Many are the
memories associated with 20 years in the RAAF, some good and others not so.
Fortunately for me, the good ones outweigh the bad many fold - in fact, it is
hard to recall more than a few of the latter. One of the best came very close
to the end. It is one I often reflect on and it is one that, for me,
illustrates the strong bonds that exist between those who have worn the
Before I proceed it
is necessary to explain a specific term for any civvie that may read this, and
that is 'fell down the steps'. I have known this term since my apprenticeship
days at Wagga. There is an associated term, 'contact counselling'. I can't recall
where I picked this one up. It was one I learnt in the RAAF but I cannot be
certain that it is as universally known.
An illustration. At
Wagga one of our number did not bathe as frequently as the rest of us deemed
necessary for personal hygiene and, perhaps more importantly, for our personal
comfort. One evening he was counselled. Domestic cleaning chemicals were added
to a bath that was prepared for the counselee. He was then assisted
to undress and enter the bath where he was scrubbed with a bask broom.
This mild form of
contact counselling is the only time I have seen the art used and it proved
effective. Obviously, more intense counselling sessions could, at times, leave their mark. I can't recall ever seeing the relevant order, but I am sure
it was there somewhere as everyone knew it. When asked by the Officer after
being counselled 'What happened to you lad?',
the correct answer was 'I fell down the stairs, Sir'. Now to the story.
Presentation of the Defence Force Service Medal for 15
years efficient service
For my final six
years in the Service I was a member of the Seventh-day Adventist Church. Among
other things, Adventists - at least 'good' ones - abstain from alcohol. They
also encourage vegetarianism as a better lifestyle choice than an animal based
diet, although this is more of an option for Church membership than alcohol.
These were never an issue for me. While I was in Butterworth the second time I
had gone off the booze and had almost transitioned to vegetarianism without
giving any thought to becoming a Christian.
Now there was in the
RAAF a practice of regular social functions where we could relax and enjoy each
other's company in work time. These may have been periodic extended lunches or
early 'stand downs' - the RAAF term for finishing work for the day. I attended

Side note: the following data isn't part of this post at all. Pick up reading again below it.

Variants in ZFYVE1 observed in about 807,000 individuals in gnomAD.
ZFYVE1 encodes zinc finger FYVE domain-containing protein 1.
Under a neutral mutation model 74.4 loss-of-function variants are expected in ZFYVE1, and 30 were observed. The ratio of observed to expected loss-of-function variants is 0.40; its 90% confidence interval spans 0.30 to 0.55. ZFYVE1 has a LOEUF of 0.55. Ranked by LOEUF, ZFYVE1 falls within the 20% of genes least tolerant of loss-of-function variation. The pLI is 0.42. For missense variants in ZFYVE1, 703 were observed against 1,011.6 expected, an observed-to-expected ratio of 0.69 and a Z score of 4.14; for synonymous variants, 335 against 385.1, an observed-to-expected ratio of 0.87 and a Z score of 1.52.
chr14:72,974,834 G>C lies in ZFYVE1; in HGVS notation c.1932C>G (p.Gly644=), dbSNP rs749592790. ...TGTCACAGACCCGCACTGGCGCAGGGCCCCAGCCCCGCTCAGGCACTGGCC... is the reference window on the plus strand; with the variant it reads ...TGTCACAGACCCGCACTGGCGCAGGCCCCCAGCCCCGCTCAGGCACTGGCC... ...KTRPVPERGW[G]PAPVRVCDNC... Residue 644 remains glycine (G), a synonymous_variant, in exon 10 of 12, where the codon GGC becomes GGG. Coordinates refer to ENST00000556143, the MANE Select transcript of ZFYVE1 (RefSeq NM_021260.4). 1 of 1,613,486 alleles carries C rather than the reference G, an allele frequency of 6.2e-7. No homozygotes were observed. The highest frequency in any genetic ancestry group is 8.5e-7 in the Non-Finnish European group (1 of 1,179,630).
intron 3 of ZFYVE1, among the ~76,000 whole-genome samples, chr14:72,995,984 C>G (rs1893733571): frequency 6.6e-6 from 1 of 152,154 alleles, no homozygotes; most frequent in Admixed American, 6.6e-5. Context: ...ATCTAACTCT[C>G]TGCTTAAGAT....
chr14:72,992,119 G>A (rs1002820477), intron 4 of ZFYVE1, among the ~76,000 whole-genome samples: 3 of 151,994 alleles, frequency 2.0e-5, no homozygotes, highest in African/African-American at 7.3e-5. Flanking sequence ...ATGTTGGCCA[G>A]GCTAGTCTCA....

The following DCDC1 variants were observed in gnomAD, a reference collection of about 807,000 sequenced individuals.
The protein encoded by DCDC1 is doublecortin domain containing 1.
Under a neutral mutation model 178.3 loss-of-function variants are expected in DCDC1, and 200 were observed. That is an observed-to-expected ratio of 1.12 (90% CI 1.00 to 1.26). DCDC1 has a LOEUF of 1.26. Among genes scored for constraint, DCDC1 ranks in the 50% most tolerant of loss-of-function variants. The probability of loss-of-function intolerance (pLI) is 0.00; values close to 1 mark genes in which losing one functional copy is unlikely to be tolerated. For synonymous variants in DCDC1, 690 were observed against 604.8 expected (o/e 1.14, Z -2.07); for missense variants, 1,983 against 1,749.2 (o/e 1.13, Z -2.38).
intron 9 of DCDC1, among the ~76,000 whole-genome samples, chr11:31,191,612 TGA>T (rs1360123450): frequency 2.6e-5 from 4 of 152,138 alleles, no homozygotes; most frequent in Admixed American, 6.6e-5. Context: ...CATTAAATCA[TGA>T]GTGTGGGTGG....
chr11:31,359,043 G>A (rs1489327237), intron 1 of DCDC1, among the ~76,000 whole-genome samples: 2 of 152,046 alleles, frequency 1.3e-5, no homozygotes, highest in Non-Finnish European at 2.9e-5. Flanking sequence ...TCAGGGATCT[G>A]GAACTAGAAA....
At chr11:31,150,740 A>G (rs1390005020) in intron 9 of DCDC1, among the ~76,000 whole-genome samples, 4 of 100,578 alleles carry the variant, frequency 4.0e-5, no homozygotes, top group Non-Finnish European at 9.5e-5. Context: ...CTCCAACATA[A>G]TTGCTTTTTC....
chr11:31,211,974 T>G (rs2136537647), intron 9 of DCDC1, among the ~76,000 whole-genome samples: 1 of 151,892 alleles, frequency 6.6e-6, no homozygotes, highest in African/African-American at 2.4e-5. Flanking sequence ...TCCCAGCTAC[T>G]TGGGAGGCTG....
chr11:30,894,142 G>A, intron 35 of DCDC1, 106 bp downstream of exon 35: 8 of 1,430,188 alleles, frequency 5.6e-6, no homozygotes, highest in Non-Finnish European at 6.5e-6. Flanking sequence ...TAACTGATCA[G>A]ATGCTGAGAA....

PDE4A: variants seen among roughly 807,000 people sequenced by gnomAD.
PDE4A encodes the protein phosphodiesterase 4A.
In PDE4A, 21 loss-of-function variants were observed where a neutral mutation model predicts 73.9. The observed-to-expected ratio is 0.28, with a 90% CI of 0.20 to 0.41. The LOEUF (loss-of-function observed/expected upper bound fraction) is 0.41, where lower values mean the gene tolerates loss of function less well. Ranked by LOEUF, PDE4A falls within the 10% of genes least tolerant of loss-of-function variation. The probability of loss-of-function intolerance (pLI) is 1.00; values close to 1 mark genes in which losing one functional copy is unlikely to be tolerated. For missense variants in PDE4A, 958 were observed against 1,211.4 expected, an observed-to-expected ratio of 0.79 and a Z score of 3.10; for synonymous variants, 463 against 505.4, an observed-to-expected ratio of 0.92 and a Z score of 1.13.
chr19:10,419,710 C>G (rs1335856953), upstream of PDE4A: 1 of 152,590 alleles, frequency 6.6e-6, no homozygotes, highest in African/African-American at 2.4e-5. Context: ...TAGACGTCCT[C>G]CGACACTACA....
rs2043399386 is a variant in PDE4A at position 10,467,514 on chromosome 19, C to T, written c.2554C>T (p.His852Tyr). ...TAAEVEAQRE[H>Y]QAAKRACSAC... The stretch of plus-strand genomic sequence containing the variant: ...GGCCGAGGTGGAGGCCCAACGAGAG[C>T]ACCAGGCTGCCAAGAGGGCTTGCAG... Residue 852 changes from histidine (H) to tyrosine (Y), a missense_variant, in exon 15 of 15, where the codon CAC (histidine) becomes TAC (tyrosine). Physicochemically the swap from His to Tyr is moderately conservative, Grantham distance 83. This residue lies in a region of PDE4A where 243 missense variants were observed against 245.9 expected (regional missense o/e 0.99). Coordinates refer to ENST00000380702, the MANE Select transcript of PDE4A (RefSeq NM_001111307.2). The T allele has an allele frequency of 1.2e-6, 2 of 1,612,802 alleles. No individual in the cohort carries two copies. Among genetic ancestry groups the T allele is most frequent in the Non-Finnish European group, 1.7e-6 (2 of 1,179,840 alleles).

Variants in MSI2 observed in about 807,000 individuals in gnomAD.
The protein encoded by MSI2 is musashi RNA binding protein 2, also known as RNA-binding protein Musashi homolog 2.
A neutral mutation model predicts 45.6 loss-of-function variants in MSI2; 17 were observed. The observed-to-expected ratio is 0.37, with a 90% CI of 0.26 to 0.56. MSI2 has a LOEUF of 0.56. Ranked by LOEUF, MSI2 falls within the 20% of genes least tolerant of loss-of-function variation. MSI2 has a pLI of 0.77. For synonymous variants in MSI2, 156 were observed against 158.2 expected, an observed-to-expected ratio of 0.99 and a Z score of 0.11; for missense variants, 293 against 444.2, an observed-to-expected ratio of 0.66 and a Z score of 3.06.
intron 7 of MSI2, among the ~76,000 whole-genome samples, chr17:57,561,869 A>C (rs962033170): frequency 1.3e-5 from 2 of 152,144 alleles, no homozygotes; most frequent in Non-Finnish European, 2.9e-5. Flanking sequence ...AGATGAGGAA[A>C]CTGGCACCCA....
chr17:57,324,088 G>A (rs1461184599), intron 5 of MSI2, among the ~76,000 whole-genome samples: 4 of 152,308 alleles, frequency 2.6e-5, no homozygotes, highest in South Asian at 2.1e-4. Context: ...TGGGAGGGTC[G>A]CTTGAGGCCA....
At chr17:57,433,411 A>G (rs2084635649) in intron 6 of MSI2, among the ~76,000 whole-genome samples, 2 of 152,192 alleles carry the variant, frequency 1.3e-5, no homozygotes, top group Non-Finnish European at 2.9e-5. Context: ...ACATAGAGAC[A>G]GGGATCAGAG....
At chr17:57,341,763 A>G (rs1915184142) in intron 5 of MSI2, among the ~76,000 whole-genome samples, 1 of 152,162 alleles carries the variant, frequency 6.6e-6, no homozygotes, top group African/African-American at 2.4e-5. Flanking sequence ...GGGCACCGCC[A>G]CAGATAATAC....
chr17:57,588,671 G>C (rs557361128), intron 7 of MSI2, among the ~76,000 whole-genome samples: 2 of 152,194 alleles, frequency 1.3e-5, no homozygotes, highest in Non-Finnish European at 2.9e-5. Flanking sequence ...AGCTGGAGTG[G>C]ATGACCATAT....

these at every opportunity despite me being a 'little different.'
I remember one lunch
at Young and Jacksons,
one of Australia's more famous pubs, well known for the painting Chloe.
When the waiter asked for our orders I asked if they could do something
vegetarian. 'Certainly sir, the Chef can do a very nice Spanish omelette'. And
so he did - tomatoes, cheese, mushrooms and I can't remember what else. Out
came the steaks and out came the omelette. The response almost seemed envious.
Not only did it look great, it was about half the price of what everyone else
Despite what people
may say about Melbourne, it is a beautiful city and around South Melbourne
where we worked there were a few nice parks, including along the South Bank of
the Yarra. Melbourne can have some glorious weather and the parks provided a
great venue for a 'do'. I had a station wagon and that came in handy for
picking up the supplies and, if necessary, replenishments if stocks ran low
which they sometimes did. The fact that by this time I may have been the only
one sober enough to drive also came in handy.
Major Majerison was the CMC (Chief Master of Ceremonies) of the Sergeants'
Mess, Melbourne. I had the pleasure of working with the Major in one
of my roles at Support Command, but I can't remember which one.
Just before I left
Major said something to me I have always treasured. 'Ken, we knew what you
stood for. You came to our do's and stayed much longer than we expected. There
was always a risk that someone would spike your drinks. If we had seen this
they would have fallen down the steps.'
Those few words
epitomise for me what the RAAF was all about. We may at times have had our
disagreements. We didn't necessarily see things the same way and we believed
different things. But we were mates, and mates look out for each other. And it
therefore seems fitting that one of my fondest memories is associated with my
leaving the Service.